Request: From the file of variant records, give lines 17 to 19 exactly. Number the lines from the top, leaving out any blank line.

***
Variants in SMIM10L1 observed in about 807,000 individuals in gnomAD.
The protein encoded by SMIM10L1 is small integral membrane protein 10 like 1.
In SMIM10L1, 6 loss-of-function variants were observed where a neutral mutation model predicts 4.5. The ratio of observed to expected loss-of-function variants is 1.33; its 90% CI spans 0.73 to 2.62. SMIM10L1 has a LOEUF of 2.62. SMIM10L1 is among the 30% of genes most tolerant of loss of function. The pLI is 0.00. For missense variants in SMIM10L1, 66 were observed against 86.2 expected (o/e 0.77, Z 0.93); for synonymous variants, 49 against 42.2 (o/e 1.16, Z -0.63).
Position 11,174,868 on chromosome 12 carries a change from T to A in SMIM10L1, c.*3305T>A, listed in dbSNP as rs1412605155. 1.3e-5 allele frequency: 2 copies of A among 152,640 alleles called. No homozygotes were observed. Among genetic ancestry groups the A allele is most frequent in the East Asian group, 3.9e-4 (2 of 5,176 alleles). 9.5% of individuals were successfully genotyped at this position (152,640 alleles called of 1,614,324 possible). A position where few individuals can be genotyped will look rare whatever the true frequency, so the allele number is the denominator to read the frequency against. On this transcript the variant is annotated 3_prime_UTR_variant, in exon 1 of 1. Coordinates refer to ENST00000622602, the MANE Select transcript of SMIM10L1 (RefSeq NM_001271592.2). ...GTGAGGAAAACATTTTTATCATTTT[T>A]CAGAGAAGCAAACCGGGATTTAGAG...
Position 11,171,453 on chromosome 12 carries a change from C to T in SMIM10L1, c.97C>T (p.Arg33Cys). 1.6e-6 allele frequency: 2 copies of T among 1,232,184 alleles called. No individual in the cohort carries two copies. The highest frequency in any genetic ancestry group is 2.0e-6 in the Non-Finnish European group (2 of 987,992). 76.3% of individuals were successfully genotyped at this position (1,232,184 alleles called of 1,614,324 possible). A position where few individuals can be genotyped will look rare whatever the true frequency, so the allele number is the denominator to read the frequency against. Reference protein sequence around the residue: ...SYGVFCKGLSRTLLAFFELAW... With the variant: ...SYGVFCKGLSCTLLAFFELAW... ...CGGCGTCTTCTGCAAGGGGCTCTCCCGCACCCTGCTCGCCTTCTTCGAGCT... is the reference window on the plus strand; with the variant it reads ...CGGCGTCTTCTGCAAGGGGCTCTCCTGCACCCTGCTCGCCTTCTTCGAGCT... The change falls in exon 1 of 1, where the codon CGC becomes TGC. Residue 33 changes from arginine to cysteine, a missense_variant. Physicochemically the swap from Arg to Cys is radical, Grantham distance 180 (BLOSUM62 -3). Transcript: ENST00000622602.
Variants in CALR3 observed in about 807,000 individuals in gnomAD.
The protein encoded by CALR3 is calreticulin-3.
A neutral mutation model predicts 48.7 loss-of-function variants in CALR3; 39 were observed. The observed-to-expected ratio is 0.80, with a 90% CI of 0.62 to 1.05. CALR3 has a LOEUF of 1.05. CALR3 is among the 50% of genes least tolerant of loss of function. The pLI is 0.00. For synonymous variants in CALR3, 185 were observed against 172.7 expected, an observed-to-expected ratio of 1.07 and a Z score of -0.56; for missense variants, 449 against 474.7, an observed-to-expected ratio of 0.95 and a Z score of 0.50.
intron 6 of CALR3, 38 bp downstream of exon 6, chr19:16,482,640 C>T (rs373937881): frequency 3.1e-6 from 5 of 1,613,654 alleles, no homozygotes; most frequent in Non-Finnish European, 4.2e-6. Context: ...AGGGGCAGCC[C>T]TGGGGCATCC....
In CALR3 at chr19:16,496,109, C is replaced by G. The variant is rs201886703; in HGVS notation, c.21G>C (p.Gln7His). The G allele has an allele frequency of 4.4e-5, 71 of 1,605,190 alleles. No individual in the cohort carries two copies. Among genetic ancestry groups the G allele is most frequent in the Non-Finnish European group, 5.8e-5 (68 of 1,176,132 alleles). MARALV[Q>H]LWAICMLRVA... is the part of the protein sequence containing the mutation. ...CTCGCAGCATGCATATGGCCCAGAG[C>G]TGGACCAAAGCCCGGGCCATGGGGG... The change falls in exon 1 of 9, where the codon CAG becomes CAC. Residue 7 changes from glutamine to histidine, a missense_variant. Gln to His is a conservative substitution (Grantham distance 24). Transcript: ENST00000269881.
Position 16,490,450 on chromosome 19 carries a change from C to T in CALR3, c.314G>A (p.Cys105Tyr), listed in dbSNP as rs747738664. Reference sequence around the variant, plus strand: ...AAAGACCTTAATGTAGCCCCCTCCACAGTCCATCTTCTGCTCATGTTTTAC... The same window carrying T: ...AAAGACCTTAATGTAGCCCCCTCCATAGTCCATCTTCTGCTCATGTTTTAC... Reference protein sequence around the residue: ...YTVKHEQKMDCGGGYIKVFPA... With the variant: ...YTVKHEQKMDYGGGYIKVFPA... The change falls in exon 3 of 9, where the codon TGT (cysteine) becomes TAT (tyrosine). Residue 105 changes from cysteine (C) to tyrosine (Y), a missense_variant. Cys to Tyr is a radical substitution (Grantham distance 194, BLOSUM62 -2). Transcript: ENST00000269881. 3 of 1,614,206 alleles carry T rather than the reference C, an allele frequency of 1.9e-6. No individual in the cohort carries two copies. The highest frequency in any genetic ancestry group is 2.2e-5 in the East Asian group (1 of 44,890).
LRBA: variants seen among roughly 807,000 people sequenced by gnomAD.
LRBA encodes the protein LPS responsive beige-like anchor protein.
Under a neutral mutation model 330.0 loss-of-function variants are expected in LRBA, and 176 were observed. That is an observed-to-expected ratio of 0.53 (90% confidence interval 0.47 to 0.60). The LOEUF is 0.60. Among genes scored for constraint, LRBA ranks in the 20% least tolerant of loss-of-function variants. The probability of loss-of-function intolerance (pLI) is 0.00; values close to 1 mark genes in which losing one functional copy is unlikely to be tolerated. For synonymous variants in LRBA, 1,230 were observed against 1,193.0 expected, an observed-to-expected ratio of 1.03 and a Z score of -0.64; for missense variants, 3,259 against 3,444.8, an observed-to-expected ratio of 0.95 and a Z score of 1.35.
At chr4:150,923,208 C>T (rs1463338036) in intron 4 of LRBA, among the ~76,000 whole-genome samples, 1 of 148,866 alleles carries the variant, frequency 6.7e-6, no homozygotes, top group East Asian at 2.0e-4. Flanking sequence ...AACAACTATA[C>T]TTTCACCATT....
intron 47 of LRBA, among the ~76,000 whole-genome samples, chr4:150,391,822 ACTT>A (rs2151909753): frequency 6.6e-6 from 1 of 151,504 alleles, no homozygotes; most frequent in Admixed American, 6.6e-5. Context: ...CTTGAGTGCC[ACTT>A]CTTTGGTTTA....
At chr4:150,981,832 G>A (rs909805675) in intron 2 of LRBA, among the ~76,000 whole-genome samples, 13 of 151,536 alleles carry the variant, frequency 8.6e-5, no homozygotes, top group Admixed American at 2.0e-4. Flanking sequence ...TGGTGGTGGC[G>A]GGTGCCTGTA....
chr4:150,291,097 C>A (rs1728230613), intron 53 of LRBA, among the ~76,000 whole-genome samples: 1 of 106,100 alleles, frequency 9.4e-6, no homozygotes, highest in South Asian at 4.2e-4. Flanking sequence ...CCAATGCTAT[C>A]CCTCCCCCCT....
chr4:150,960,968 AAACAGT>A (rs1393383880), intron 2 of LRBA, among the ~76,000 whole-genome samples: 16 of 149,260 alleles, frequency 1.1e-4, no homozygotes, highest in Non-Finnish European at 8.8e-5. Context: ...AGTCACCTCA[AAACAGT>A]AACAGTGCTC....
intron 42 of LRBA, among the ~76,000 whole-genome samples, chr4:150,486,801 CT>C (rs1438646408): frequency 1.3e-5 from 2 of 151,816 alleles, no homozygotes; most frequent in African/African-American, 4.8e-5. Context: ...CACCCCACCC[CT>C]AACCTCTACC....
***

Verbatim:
At chr4:150,981,832 G>A (rs909805675) in intron 2 of LRBA, among the ~76,000 whole-genome samples, 13 of 151,536 alleles carry the variant, frequency 8.6e-5, no homozygotes, top group Admixed American at 2.0e-4. Flanking sequence ...TGGTGGTGGC[G>A]GGTGCCTGTA....
chr4:150,291,097 C>A (rs1728230613), intron 53 of LRBA, among the ~76,000 whole-genome samples: 1 of 106,100 alleles, frequency 9.4e-6, no homozygotes, highest in South Asian at 4.2e-4. Flanking sequence ...CCAATGCTAT[C>A]CCTCCCCCCT....
chr4:150,960,968 AAACAGT>A (rs1393383880), intron 2 of LRBA, among the ~76,000 whole-genome samples: 16 of 149,260 alleles, frequency 1.1e-4, no homozygotes, highest in Non-Finnish European at 8.8e-5. Context: ...AGTCACCTCA[AAACAGT>A]AACAGTGCTC....